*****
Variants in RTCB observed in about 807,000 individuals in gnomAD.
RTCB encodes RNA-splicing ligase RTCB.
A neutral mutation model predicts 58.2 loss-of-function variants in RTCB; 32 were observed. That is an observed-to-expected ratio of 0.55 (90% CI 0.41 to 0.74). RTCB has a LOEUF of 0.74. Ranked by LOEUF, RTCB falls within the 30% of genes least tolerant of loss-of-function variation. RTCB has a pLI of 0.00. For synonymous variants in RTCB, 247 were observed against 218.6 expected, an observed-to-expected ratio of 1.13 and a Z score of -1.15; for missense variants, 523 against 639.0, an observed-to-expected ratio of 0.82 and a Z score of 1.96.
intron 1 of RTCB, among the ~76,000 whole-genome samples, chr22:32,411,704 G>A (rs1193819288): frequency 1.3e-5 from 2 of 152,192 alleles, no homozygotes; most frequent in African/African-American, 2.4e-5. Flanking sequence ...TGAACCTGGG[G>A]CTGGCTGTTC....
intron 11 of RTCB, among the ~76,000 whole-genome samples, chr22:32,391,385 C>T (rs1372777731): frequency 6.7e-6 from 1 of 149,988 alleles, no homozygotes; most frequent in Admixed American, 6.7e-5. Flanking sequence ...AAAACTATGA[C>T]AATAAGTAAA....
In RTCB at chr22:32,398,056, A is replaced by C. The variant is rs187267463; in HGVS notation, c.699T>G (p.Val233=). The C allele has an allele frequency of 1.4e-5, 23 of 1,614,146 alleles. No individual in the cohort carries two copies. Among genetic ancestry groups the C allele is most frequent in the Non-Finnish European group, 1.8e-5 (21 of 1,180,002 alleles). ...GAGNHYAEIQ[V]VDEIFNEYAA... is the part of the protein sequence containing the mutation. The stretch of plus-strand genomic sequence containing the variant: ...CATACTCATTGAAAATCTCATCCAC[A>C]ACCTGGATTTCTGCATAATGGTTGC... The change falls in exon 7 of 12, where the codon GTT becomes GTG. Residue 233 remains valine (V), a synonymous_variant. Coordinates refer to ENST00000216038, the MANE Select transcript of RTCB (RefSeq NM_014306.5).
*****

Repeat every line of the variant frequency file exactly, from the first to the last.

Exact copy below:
Variants in RTCB observed in about 807,000 individuals in gnomAD.
RTCB encodes RNA-splicing ligase RTCB.
A neutral mutation model predicts 58.2 loss-of-function variants in RTCB; 32 were observed. That is an observed-to-expected ratio of 0.55 (90% CI 0.41 to 0.74). RTCB has a LOEUF of 0.74. Ranked by LOEUF, RTCB falls within the 30% of genes least tolerant of loss-of-function variation. RTCB has a pLI of 0.00. For synonymous variants in RTCB, 247 were observed against 218.6 expected, an observed-to-expected ratio of 1.13 and a Z score of -1.15; for missense variants, 523 against 639.0, an observed-to-expected ratio of 0.82 and a Z score of 1.96.
intron 1 of RTCB, among the ~76,000 whole-genome samples, chr22:32,411,704 G>A (rs1193819288): frequency 1.3e-5 from 2 of 152,192 alleles, no homozygotes; most frequent in African/African-American, 2.4e-5. Flanking sequence ...TGAACCTGGG[G>A]CTGGCTGTTC....
intron 11 of RTCB, among the ~76,000 whole-genome samples, chr22:32,391,385 C>T (rs1372777731): frequency 6.7e-6 from 1 of 149,988 alleles, no homozygotes; most frequent in Admixed American, 6.7e-5. Flanking sequence ...AAAACTATGA[C>T]AATAAGTAAA....
In RTCB at chr22:32,398,056, A is replaced by C. The variant is rs187267463; in HGVS notation, c.699T>G (p.Val233=). The C allele has an allele frequency of 1.4e-5, 23 of 1,614,146 alleles. No individual in the cohort carries two copies. Among genetic ancestry groups the C allele is most frequent in the Non-Finnish European group, 1.8e-5 (21 of 1,180,002 alleles). ...GAGNHYAEIQ[V]VDEIFNEYAA... is the part of the protein sequence containing the mutation. The stretch of plus-strand genomic sequence containing the variant: ...CATACTCATTGAAAATCTCATCCAC[A>C]ACCTGGATTTCTGCATAATGGTTGC... The change falls in exon 7 of 12, where the codon GTT becomes GTG. Residue 233 remains valine (V), a synonymous_variant. Coordinates refer to ENST00000216038, the MANE Select transcript of RTCB (RefSeq NM_014306.5).